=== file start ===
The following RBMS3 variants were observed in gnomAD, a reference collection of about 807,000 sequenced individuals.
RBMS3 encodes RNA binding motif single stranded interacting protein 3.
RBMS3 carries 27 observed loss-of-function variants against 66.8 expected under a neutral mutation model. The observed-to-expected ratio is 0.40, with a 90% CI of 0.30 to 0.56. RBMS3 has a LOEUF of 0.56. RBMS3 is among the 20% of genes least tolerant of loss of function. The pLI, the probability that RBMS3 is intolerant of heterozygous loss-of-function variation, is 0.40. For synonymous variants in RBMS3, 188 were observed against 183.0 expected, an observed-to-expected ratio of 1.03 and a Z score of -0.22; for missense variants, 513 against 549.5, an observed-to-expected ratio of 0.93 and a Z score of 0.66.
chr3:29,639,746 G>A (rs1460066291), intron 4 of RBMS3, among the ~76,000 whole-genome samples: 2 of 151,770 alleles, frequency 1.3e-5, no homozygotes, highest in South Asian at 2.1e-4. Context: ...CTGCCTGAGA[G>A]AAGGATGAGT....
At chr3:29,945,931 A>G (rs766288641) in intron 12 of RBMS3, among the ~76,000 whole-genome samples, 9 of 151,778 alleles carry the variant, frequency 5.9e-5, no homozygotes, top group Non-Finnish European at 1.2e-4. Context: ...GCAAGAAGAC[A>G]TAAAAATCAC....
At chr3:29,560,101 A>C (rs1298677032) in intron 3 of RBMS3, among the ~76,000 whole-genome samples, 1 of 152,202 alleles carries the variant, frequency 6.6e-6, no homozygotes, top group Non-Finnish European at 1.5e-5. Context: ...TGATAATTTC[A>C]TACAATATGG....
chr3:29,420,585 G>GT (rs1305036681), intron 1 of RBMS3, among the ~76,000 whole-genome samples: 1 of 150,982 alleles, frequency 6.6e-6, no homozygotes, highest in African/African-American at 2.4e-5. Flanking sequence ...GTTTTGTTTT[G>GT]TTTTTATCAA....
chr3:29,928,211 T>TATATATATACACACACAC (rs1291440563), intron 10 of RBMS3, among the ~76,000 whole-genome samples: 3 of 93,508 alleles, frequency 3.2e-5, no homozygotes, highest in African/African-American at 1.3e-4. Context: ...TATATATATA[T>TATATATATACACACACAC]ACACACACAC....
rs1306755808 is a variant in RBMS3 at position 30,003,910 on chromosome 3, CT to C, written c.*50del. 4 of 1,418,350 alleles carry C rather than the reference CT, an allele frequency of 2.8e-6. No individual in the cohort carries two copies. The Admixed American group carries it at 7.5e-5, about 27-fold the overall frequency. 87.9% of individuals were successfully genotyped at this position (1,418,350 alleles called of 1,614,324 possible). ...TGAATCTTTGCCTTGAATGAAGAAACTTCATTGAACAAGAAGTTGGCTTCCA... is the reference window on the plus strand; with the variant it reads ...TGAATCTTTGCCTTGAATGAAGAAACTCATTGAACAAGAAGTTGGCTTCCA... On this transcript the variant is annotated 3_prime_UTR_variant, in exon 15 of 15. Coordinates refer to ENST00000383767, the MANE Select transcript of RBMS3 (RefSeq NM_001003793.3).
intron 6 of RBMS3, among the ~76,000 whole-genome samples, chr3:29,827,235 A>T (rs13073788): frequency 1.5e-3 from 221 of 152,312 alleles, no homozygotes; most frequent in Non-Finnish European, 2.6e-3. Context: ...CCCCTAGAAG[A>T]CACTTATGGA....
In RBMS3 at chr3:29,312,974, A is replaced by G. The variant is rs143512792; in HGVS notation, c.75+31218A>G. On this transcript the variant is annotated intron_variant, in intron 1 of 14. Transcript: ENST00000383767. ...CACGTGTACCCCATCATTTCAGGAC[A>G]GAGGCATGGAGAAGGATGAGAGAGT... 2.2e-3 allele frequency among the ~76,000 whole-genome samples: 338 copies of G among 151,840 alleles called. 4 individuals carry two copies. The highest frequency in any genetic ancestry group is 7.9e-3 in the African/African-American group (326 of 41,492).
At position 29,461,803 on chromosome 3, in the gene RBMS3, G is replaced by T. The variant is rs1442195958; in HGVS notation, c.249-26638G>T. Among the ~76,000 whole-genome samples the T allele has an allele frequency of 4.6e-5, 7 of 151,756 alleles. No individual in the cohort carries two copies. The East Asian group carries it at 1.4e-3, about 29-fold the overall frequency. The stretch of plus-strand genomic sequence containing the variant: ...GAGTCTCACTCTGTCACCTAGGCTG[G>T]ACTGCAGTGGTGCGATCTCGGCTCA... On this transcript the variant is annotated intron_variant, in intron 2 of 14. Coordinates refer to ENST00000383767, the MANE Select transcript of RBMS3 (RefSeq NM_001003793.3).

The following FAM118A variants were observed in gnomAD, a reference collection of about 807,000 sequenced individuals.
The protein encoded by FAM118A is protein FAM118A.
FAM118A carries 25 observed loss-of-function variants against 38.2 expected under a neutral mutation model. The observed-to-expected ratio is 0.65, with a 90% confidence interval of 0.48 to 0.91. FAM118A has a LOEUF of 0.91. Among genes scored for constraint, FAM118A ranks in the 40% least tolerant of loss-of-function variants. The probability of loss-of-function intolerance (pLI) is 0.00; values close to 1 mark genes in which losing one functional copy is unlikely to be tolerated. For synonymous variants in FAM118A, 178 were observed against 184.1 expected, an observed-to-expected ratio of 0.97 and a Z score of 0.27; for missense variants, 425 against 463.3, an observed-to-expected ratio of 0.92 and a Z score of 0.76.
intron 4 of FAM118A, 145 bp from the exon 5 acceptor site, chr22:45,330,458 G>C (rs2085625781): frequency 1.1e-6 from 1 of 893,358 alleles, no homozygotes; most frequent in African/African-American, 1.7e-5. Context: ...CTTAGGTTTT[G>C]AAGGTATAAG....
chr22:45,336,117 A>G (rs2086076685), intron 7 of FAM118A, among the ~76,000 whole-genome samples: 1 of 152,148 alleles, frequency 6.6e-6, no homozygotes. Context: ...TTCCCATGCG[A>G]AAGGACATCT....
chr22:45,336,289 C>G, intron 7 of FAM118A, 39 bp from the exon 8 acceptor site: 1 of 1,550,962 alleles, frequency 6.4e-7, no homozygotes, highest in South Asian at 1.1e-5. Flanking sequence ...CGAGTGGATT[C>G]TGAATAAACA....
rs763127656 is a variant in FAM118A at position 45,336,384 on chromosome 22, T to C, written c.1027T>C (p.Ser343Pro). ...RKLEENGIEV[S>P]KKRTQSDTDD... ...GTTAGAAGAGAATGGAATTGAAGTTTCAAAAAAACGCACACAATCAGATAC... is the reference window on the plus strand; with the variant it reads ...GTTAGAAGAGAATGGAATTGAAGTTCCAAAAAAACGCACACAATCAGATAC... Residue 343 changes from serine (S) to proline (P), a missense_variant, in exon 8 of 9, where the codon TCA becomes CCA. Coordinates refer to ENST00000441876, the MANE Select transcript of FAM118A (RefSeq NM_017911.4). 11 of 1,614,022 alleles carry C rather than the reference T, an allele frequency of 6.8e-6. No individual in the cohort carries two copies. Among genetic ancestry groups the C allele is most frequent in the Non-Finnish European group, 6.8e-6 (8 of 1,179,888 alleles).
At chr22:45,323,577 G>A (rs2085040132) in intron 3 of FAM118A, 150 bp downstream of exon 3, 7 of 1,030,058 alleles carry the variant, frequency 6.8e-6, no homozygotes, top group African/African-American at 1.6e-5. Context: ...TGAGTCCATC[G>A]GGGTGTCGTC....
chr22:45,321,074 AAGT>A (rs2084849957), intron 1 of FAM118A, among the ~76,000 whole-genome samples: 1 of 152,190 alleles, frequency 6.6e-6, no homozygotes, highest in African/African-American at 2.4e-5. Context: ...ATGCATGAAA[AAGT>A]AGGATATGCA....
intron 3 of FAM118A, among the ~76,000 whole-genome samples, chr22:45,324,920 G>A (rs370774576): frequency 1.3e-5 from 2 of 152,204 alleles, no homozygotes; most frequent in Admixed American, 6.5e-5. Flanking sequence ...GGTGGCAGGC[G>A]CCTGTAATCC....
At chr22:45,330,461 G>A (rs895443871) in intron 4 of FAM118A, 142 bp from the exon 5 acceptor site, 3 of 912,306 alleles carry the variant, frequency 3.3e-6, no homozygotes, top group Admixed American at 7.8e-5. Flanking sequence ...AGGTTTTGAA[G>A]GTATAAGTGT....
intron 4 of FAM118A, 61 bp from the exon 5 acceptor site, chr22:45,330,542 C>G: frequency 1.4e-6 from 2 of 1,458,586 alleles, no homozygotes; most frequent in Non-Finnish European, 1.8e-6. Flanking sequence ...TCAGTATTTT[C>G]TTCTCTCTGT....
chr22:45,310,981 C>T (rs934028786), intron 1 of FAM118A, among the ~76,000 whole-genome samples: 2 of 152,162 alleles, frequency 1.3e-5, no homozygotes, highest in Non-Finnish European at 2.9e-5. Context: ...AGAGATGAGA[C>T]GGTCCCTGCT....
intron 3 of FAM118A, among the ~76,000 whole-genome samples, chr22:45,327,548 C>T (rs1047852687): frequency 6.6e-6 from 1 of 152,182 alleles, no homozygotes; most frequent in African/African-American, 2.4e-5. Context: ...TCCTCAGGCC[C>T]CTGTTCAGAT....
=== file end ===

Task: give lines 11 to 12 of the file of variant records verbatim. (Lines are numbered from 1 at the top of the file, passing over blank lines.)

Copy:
In RBMS3 at chr3:29,312,974, A is replaced by G. The variant is rs143512792; in HGVS notation, c.75+31218A>G. On this transcript the variant is annotated intron_variant, in intron 1 of 14. Transcript: ENST00000383767. ...CACGTGTACCCCATCATTTCAGGAC[A>G]GAGGCATGGAGAAGGATGAGAGAGT... 2.2e-3 allele frequency among the ~76,000 whole-genome samples: 338 copies of G among 151,840 alleles called. 4 individuals carry two copies. The highest frequency in any genetic ancestry group is 7.9e-3 in the African/African-American group (326 of 41,492).
At position 29,461,803 on chromosome 3, in the gene RBMS3, G is replaced by T. The variant is rs1442195958; in HGVS notation, c.249-26638G>T. Among the ~76,000 whole-genome samples the T allele has an allele frequency of 4.6e-5, 7 of 151,756 alleles. No individual in the cohort carries two copies. The East Asian group carries it at 1.4e-3, about 29-fold the overall frequency. The stretch of plus-strand genomic sequence containing the variant: ...GAGTCTCACTCTGTCACCTAGGCTG[G>T]ACTGCAGTGGTGCGATCTCGGCTCA... On this transcript the variant is annotated intron_variant, in intron 2 of 14. Coordinates refer to ENST00000383767, the MANE Select transcript of RBMS3 (RefSeq NM_001003793.3).